Visiting professor to hold lectures, discussions on gay marriage issues

By Sky Opila

Evan Wolfson, Executive Director of the Freedom to Marry Project and professor of law at Columbia University, has been on campus since Wednesday, and will be here till Friday, holding discussions about gay marriage. His series of lectures and discussions coincides with the release of his book “Marriage as a Human Rights Battlefield.”

According to his official biography, Wolfson worked for the Lambda Legal Defense & Education Fund in New York City, where he represented several gay marriage cases in front of the Supreme Court. In 2000, Wolfson was honored by the National Law Journal as one of “100 most influential attorneys in America.”

Wolfson will lead talks and discussions about the facets of gay marriage, including opposition, legality and necessity. His talks will provide insight about how gay marriage is necessary to uphold the United States’ free ideals.

The discussions will cover issues surrounding marriage throughout history for homosexuals and heterosexuals in Western culture. In addition, they will address other issues, such as, political debate across the board for nontraditional families across the nation.

Thursday’s event will be a lecture followed by questions. However, Wolfson will hold discussions every day he is on campus.

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The lecture this evening is being sponsored by the Office for Lesbian, Gay, Bisexual, and Transgender Concerns and McKinley Memorial Presbyterian Church.

Tom Seals, retired University counselor and professor, feels that Wolfson’s discussions are key to the lives of many students. Seals is a member of McKinley Memorial Presbyterian Church’s More Light Committee, an advocate group for equal rights in religious institutions.

“Gay students need to realize how important it is that their relationships are recognized as lawful through marriage,” Seals said. “This debate is the larger civil rights movement of our time; it is both important to social policy and choice through civil rights.”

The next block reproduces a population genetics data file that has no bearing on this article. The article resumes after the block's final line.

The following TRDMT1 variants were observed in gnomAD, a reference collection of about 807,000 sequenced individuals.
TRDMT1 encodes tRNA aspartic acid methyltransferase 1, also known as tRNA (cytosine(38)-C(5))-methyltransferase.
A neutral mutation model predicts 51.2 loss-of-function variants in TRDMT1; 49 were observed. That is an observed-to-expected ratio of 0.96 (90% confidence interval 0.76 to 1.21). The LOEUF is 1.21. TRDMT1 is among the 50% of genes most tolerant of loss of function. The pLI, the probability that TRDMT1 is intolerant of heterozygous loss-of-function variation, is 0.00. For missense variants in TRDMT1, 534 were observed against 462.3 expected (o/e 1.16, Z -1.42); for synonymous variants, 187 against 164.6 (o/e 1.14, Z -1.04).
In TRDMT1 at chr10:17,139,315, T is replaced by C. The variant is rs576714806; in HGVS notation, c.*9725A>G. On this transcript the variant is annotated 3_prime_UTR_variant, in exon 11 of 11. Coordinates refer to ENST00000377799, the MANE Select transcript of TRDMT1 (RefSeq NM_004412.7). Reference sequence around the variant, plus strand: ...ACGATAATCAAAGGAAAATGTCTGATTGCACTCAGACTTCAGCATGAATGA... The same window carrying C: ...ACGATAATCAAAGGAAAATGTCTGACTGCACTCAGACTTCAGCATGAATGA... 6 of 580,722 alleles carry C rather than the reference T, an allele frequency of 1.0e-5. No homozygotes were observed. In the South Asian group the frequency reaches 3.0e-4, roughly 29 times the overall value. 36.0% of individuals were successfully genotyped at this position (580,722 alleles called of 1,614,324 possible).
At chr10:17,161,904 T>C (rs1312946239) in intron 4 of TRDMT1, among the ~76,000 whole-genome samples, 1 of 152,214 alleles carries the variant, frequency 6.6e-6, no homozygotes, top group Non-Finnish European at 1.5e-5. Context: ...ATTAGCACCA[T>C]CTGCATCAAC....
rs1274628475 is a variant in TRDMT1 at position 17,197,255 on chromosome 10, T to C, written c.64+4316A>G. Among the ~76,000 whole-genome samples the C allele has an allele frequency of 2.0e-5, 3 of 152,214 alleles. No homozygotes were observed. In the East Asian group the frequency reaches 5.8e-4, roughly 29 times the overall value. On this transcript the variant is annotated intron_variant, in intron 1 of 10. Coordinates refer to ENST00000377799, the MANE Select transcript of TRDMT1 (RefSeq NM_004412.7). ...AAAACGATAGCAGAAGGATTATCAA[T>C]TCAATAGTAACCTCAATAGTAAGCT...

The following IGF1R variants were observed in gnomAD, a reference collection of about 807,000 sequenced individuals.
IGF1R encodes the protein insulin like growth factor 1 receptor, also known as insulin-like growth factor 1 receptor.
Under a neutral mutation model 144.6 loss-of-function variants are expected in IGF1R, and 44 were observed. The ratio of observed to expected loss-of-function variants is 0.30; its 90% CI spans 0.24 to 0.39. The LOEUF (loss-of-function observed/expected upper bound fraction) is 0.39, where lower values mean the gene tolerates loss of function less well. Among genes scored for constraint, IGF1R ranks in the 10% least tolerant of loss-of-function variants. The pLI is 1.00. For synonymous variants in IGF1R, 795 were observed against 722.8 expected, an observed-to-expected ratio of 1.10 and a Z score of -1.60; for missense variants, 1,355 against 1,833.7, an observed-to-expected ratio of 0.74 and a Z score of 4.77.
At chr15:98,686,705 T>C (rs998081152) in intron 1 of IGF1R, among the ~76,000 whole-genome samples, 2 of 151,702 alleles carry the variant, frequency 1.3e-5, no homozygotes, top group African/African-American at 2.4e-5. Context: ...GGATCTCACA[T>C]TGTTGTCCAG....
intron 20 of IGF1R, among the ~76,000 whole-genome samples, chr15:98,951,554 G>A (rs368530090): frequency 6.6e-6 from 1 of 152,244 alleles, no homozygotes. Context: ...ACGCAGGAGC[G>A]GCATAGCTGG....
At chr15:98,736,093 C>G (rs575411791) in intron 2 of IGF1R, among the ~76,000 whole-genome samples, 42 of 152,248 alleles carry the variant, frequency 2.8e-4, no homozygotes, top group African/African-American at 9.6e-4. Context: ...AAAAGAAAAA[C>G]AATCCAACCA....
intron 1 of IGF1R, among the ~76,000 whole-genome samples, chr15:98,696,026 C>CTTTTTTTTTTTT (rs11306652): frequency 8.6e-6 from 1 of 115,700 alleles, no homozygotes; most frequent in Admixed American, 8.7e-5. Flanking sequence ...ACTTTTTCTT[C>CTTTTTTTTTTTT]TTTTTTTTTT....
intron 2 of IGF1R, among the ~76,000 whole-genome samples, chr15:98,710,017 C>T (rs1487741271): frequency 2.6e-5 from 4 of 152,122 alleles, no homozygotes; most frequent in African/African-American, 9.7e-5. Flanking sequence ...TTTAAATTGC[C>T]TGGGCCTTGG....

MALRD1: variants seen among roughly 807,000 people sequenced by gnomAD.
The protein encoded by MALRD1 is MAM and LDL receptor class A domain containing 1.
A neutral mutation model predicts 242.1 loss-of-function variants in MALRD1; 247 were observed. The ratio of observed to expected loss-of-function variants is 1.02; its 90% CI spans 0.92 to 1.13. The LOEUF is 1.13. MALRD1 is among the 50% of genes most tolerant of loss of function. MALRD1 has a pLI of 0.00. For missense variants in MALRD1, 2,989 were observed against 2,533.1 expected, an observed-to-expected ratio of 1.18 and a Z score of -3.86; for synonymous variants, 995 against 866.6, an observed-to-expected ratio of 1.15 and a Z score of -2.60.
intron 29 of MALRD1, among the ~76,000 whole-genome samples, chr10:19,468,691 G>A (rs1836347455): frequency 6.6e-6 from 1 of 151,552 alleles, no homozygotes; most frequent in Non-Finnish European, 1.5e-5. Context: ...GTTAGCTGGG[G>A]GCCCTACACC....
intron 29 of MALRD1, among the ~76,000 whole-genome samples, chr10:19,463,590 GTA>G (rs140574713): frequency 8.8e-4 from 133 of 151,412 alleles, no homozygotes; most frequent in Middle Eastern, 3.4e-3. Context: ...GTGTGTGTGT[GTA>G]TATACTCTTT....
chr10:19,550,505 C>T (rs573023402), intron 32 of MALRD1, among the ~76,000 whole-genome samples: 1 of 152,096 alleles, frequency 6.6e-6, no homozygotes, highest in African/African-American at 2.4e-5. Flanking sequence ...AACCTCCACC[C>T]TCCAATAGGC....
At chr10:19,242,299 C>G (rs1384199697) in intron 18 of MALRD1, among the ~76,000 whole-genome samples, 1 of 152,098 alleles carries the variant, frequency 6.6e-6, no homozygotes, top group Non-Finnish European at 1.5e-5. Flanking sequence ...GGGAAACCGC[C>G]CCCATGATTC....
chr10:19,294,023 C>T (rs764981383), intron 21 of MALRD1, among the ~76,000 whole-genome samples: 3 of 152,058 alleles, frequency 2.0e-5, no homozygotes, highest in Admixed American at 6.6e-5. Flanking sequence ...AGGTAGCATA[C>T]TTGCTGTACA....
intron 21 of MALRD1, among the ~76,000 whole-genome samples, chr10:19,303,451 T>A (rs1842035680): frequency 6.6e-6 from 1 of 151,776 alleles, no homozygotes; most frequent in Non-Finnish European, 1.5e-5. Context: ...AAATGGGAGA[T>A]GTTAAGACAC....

Curt McKay, director of the LGBT office, feels that one of the biggest oppositions to gay marriage is religion, an idea that upsets many individuals including McKay himself.

“One of the things that I’m really dismayed to find is that the word “Christian”, for me, has become a dirty word. That makes me really sad,” he said. “In most Christian churches, I know that I’m unwelcome, and this applies to all the major religions.”

On the other hand, people such as Seals are working to promote a better understanding of same-sex couples to create a friendly, welcoming religious community. Seals said he feels that Wolfson takes a stance to show how the religious community appears both negative and positive.

“I think that Wolfson understands where churches are politically divided,” Seals said. “He mentions in his book that all the major religions in which the conservative wings have been negative actually have no teachings to agree with these claims. In fact, it is often counter to their teachings.”

McKay said in addition to the firm conservative stance against gay marriage, same-sex couples are forced into situations where they cannot create a permanent seal on their relationships. Without this ability, many same-sex couples lose out on financial elements that married couples generally share.

“If I had a partner and I died, my partner would not be able to get spouse benefits from the retirement system or from social security, a married partner can,” McKay said. “If I died suddenly and had not arranged it through a will, my partner would not be able to inherit my home, or share in my stock. So, there are a lot of financial issues at hand when refusing same-sex couples the right of marriage,” he added.

McKay said due to this stance that is generally taken against gay marriage, he feels that this set of lectures and discussions by Wolfson will be very beneficial in opening the eyes of many students.

“Students will get a greater understanding, if they’re straight, of things they don’t even have to think about with marriage, in terms of rights and privileges,” he said, “The same-sex couples who come will find out why it is important for us to be able to have the same status for our partnerships, if we seek them.”

This set of lectures and discussions is not to necessarily change students’ minds about the issues of gay marriage but to enlighten them and ensure that they are knowledgeable of the topics for debate, McKay said.

Robert Biziarek, junior in LAS, feels that students should attend Wolfson’s events to better understand the topic at hand.

“I think it is a positive, but small step in helping students shape a consciousness in sensitivity,” Biziarek said. “Communities at home and abroad need to continue to strive to progress in promoting equal rights for anyone and everyone.”